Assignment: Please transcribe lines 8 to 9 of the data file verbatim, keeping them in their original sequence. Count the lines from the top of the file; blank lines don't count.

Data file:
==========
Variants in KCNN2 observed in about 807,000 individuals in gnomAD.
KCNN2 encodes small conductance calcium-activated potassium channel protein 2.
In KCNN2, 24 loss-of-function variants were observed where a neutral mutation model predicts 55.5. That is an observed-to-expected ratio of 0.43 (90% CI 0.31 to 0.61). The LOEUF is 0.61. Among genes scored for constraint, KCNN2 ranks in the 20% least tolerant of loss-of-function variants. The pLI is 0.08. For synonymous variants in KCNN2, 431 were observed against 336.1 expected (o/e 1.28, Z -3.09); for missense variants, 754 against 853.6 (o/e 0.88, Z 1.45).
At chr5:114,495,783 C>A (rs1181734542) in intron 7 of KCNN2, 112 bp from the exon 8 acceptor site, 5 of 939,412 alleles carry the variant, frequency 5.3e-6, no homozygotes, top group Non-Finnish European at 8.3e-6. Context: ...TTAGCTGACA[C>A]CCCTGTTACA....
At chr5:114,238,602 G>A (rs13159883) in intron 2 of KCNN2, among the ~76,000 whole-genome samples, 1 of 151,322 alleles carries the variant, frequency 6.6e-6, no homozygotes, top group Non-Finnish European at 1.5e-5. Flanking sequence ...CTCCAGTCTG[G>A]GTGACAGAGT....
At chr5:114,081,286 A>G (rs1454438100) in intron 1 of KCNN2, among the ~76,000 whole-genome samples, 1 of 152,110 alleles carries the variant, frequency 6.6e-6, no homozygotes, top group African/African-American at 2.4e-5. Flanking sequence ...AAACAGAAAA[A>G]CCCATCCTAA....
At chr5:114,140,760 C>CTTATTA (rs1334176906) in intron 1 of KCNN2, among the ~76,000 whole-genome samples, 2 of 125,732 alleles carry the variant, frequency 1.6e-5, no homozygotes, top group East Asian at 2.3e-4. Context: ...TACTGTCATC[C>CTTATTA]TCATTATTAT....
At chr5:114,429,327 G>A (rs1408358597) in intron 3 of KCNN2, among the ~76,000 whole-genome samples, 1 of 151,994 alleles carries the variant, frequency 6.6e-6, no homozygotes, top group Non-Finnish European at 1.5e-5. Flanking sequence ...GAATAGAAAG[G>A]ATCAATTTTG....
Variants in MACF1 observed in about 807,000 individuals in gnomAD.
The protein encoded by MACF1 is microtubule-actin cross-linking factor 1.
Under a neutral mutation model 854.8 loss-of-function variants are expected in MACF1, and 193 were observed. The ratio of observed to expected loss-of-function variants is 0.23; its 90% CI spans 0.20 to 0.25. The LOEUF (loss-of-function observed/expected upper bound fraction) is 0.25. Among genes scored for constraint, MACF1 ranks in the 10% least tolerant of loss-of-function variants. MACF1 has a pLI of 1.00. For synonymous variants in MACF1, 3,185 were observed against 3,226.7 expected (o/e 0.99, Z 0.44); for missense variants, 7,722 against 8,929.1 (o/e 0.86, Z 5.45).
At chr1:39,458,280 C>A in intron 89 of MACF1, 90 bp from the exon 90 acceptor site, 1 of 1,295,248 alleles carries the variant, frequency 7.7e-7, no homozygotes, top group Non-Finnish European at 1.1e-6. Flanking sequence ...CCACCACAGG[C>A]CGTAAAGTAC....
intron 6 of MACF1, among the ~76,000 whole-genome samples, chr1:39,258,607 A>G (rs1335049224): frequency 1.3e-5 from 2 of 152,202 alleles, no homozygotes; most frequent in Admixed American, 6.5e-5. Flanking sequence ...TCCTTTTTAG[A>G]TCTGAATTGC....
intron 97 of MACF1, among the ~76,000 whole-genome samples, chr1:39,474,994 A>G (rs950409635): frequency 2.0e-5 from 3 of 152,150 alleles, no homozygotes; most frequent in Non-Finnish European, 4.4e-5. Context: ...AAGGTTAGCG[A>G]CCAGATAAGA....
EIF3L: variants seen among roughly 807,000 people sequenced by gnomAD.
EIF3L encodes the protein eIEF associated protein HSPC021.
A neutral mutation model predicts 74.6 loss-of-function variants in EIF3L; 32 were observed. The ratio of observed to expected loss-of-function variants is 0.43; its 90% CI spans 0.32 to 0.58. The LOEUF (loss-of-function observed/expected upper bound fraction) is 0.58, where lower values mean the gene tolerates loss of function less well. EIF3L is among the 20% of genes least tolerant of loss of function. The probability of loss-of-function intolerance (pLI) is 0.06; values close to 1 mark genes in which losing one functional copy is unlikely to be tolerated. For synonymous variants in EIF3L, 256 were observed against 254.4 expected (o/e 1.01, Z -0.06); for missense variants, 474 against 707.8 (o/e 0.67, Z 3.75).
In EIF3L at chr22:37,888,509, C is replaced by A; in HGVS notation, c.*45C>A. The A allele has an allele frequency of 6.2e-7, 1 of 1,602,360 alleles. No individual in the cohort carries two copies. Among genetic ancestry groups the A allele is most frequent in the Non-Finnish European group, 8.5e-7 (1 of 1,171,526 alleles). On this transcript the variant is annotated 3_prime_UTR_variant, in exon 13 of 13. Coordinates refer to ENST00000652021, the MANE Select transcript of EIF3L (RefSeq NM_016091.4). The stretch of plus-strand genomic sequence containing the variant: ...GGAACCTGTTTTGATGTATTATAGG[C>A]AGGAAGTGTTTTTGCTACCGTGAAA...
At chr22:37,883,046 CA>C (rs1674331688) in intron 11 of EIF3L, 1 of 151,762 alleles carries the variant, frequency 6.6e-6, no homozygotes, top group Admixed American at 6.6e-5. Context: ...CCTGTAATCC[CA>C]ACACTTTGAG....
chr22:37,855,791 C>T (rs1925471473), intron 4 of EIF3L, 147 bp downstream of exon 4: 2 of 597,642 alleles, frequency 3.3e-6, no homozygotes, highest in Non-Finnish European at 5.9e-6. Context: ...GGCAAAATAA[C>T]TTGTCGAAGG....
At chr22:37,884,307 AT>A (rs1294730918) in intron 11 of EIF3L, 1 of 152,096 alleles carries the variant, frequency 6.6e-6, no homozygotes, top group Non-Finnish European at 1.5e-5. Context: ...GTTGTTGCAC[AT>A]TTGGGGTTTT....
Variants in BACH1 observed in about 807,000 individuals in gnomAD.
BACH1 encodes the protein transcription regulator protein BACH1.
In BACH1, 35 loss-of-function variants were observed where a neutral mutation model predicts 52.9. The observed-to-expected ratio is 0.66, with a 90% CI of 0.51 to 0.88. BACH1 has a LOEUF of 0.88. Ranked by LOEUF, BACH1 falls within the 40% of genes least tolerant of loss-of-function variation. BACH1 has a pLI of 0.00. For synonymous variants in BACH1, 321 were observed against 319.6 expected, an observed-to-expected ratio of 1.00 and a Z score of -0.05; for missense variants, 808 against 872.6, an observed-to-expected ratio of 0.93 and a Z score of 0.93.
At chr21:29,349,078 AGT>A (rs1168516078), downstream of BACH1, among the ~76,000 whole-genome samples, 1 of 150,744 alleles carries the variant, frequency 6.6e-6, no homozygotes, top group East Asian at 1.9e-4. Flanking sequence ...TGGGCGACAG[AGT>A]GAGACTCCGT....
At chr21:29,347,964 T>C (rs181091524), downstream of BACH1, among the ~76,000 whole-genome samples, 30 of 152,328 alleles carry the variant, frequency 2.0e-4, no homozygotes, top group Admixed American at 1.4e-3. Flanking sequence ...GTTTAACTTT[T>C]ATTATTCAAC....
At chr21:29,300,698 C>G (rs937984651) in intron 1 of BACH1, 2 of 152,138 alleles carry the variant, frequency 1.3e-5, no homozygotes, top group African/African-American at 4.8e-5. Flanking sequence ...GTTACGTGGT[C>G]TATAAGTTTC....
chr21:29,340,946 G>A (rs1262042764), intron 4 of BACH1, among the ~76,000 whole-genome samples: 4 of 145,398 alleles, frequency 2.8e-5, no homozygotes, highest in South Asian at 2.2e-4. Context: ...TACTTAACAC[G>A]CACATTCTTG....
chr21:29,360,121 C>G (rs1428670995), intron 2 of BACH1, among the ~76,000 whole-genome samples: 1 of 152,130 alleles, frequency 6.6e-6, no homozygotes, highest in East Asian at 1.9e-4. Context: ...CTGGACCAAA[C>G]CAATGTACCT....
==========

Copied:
At chr5:114,429,327 G>A (rs1408358597) in intron 3 of KCNN2, among the ~76,000 whole-genome samples, 1 of 151,994 alleles carries the variant, frequency 6.6e-6, no homozygotes, top group Non-Finnish European at 1.5e-5. Flanking sequence ...GAATAGAAAG[G>A]ATCAATTTTG....
Variants in MACF1 observed in about 807,000 individuals in gnomAD.